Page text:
The only loan that remains at issue in this action was extended by or with the assistance of Defendants (the "Loan"). The heart of Plaintiff's lawsuit is her allegation that the Loan was intended to be, or should be construed as, a personal residential loan-not a commercial loan. See Sloan v. Urban Title Servs., Inc., 689 F. Supp. 2d 123, 127 (D.D.C. 2010) (hereinafter, "Sloan I"). The relevant documents, taken at face value, characterize the Loan as a $250,000 commercial loan extended by FMVILA to 1220 23rd Street, LLC (the "LLC"), a limited liability company of which Plaintiff is the sole member. Id. at 127-28. Plaintiff nevertheless maintains that the Loan is, or should be construed as, a personal residential loan because (a) the documents relating to the Loan were fraudulently obtained by forgery and (b) the Loan is an illegal consumer residential loan disguised as a commercial loan in order to evade fair lending and disclosure requirements. See 4th Am. Compl., Docket No. [120], ¶¶ 89-92. Unsurprisingly, Defendants deny Plaintiff's allegations and assert that the Loan is a valid commercial loan extended to Plaintiff's LLC. See id. ¶¶ 94-96. By their account, Defendants assisted Plaintiff, at her request, in establishing the LLC, the title to the Condo was transferred from Plaintiff to the LLC, and FMVILA extended a lawful commercial loan for $250,000, secured by the Condo, to the LLC. See id. ¶ 96. Therefore, as presented by the parties, the central question underlying this lawsuit is whether the Loan is or is not a legitimate commercial loan lawfully extended to the LLC.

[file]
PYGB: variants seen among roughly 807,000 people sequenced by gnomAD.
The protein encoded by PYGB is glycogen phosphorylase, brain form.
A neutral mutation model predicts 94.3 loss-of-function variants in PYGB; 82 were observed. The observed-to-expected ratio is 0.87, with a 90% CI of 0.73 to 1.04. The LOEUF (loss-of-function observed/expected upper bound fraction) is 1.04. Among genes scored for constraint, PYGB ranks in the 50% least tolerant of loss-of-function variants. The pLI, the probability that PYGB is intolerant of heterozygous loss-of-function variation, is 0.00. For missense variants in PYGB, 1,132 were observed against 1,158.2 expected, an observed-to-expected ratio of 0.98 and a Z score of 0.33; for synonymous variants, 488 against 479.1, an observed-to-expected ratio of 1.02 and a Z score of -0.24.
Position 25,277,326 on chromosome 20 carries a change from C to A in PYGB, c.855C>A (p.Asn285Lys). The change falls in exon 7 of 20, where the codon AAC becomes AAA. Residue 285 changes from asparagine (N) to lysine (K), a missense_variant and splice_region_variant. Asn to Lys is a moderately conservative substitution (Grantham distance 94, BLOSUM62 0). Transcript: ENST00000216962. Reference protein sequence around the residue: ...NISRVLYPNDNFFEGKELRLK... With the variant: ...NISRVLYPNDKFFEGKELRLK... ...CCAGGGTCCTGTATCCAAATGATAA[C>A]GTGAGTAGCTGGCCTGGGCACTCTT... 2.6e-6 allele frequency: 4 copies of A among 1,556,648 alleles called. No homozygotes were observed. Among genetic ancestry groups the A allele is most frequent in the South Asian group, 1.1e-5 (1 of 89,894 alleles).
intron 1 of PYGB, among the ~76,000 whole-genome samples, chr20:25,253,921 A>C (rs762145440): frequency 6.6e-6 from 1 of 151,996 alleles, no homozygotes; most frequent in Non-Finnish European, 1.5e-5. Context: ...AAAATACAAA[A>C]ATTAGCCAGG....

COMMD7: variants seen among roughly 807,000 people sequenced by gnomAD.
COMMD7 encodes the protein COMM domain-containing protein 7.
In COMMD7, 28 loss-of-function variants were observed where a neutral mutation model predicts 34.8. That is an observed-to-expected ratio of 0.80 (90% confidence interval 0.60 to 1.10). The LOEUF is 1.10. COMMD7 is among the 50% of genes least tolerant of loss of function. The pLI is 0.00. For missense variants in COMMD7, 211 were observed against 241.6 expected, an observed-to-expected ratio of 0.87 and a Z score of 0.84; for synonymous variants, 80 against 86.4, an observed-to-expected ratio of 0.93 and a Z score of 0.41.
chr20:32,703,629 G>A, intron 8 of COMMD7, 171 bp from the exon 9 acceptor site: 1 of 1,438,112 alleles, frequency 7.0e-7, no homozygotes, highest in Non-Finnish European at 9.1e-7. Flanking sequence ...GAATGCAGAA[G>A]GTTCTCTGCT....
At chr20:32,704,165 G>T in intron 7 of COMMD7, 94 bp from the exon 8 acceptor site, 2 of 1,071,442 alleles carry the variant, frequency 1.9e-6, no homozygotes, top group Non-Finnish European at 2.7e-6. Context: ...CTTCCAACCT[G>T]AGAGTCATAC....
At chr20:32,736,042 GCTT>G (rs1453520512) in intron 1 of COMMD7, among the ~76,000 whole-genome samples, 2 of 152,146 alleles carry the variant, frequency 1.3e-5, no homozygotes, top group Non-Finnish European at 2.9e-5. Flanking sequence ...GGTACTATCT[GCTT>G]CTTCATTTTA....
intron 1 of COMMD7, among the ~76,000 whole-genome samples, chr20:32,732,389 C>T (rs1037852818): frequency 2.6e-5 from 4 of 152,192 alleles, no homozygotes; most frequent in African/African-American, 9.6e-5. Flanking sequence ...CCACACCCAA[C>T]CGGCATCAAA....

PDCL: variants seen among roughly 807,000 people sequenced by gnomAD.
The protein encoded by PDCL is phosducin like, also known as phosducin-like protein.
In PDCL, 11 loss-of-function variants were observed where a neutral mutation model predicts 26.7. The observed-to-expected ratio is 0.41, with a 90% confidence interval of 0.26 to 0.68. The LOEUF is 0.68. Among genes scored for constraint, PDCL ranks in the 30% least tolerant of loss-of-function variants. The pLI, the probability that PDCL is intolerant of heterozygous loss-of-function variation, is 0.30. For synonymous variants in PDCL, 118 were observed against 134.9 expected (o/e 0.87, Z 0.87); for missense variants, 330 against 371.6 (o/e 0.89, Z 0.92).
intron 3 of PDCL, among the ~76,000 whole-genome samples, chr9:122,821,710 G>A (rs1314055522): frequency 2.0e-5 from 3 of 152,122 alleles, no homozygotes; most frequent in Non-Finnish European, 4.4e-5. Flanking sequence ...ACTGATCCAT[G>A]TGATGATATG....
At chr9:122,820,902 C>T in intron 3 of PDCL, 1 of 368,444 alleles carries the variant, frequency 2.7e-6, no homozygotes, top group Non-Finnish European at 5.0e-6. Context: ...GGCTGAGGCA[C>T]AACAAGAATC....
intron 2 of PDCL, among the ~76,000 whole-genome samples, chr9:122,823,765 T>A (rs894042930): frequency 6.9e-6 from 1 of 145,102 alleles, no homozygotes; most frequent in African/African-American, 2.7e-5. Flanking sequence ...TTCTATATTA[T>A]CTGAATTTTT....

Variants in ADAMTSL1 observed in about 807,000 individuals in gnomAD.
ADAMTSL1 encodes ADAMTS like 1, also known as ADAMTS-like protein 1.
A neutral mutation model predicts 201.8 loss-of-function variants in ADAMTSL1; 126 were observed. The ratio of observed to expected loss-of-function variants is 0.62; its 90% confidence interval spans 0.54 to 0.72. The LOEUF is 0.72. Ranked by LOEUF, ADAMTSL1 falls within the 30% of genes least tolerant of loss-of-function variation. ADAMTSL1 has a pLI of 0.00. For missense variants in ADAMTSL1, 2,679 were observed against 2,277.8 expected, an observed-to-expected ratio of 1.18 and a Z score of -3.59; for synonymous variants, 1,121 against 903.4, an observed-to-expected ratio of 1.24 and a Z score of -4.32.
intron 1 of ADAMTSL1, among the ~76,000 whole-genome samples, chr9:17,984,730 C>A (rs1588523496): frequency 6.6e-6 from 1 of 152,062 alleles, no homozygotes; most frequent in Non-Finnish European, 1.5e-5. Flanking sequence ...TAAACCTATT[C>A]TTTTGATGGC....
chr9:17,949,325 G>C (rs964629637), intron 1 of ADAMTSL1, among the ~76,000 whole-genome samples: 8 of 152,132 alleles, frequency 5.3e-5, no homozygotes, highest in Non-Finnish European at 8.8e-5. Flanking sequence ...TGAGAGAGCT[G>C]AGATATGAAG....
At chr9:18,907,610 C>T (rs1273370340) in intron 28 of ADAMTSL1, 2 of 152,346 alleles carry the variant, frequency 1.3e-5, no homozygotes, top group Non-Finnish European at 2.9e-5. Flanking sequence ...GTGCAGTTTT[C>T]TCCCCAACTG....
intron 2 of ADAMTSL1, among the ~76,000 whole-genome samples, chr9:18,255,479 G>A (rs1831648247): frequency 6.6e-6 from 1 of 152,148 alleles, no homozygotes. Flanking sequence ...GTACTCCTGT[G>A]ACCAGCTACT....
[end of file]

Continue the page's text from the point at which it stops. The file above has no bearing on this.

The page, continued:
As is relevant to the instant motion, the operative version of Plaintiff's Complaint includes the following causes of action against Brickshire: Count XXI (Breach of Contract); Count XXII (Breach of Fiduciary Duty); Count XXIII (Negligence); and Count XXXI (CPPA*fn2 Violation). See 4th Am. Compl. ¶¶ 375-398, 482-497.*fn3 The first three of these claims-breach of contract, breach of fiduciary duty, and negligence-are premised on identical factual allegations and essentially state alternative theories of recovery for the same conduct. Id. ¶¶ 375-398. As described below, some of those factual allegations have already been addressed by the Court, and others are the subject of the instant motion.